Rising awareness of halal products a boon to sector


The halal industry in Malaysia is poised to post continued growth on the back of rising awareness and acceptance of halal products and services worldwide.

As it moves forward, one element that may boost the sector further will be non-fiscal incentives like green lane facilities, suggested one halal industry executive.

As for Malaysia, seen as a leader in the sector, halal exports are expected to grow between 5% and 6% this year, said Halal Industry Development Corp Sdn Bhd’s (HDC) CEO Datuk Seri Jamil Bidin. Malaysia’s halal exports grew 7.1% to RM42.18 billion in 2016. It grew 4.5% to RM39.38 billion a year earlier.

China and Singapore were featured as the largest export markets in 2016. The total exports to China amounted to RM5.4 billion and RM4.8 billion for Singapore. They were trailed by the US (RM2.9 billion), Japan (RM2.7 billion), the Netherlands (RM2.3 billion), Indonesia (RM1.9 billion), Thailand (RM1.5 billion), Australia (RM1.4 billion), India (RM1.3 billion) and South Korea (RM1.3 billion).

In an interview, Jamil told The Malaysian Reserve (TMR) that the fast-growing Muslim population will also provide a good growth impetus for the halal industry. In addition, he said growth in the halal industry is also expected to come from increasing new markets for halal products and services.

Some of the non-traditional and new markets include China, India, Africa and Europe. Locally, he said rising awareness and acceptance for not just halal food and beverages (F&B) products, but also other halal products and services are fuelling growth.

Consensus from the investment fraternity has pinpointed that a core driving force for the halal industry is the sheer size of the Muslim population worldwide. They contended that as the halal industry is relatively new, the market potential is tremendous.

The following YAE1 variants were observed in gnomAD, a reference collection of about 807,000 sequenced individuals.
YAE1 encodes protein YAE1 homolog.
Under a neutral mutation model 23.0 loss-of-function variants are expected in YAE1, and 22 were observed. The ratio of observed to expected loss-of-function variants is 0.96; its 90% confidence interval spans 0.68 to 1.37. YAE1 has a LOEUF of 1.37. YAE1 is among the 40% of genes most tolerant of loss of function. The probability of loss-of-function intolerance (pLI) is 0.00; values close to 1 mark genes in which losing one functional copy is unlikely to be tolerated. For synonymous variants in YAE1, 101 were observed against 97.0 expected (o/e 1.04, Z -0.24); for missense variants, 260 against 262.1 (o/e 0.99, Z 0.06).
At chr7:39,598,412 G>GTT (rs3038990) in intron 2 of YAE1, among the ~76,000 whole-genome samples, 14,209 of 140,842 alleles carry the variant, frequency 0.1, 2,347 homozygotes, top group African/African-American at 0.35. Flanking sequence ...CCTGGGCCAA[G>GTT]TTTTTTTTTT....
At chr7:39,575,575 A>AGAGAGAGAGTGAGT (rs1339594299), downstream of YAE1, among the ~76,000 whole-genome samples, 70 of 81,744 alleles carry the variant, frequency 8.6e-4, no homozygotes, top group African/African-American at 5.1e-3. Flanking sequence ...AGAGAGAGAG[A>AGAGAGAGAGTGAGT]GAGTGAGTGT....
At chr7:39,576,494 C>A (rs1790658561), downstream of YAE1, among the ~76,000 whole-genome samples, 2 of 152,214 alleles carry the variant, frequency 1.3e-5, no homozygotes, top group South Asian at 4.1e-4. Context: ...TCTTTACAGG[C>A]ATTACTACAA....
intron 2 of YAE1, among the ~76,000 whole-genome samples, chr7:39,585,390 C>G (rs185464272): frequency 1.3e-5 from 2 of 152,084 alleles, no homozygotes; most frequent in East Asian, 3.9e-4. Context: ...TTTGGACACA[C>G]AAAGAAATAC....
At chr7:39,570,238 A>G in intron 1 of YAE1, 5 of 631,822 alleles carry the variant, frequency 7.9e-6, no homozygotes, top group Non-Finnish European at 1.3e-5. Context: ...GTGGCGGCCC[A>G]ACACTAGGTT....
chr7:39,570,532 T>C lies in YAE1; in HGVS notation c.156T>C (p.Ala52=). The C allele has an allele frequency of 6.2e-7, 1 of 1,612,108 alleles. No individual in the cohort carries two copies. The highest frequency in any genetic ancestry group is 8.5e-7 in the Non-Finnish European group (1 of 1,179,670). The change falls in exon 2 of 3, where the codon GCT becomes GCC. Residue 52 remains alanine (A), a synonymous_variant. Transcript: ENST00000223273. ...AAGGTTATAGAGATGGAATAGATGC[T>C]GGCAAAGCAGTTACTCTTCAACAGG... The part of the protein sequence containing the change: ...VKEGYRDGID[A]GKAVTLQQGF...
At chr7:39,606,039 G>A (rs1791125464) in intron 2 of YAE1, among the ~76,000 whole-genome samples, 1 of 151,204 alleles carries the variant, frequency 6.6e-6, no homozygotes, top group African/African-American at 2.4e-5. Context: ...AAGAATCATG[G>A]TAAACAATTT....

Once largely associated with the F&B industry, halal standards have grown to become a driving force for many other lifestyle and business practices, says Syed Abu Bakar (Pic by Ismail Che Rus/TMR)

World Islamic Economic Forum Foundation (WIEF) MD Datuk Syed Abu Bakar S Mohsin Almohdzar said the foundation has also projected robust opportunities for the halal industry well beyond 2017.

For a start, he refers to the sheer numbers. Muslims currently make up a majority of the population in 49 countries around the world; with the global Muslim population in 2017 standing at 1.7 billion and projected to grow to 2.2 billion in 2030.

“At the back of this development, the halal label has grown beyond its religious underpinnings towards gradually becoming a universal symbol of quality and wholesomeness. Today, the global halal market is estimated to be worth US$2.3 trillion (RM9.89 trillion); encompassing a broad swathe of goods and services — from cosmetics and health products to logistics, marketing and financing,” he said in a recent email response to TMR.

Fashion Industry

Syed Abu Bakar said WIEF believes that there are three key growth drivers for the halal industry: A large and growing youthful population, halal values increasingly driving universal lifestyle and business practices, and the growing strength of halal economies in general.

“Once largely associated with the F&B industry, halal standards have grown to become a driving force for many other lifestyle and business practices, giving rise to an endless array of industry verticals.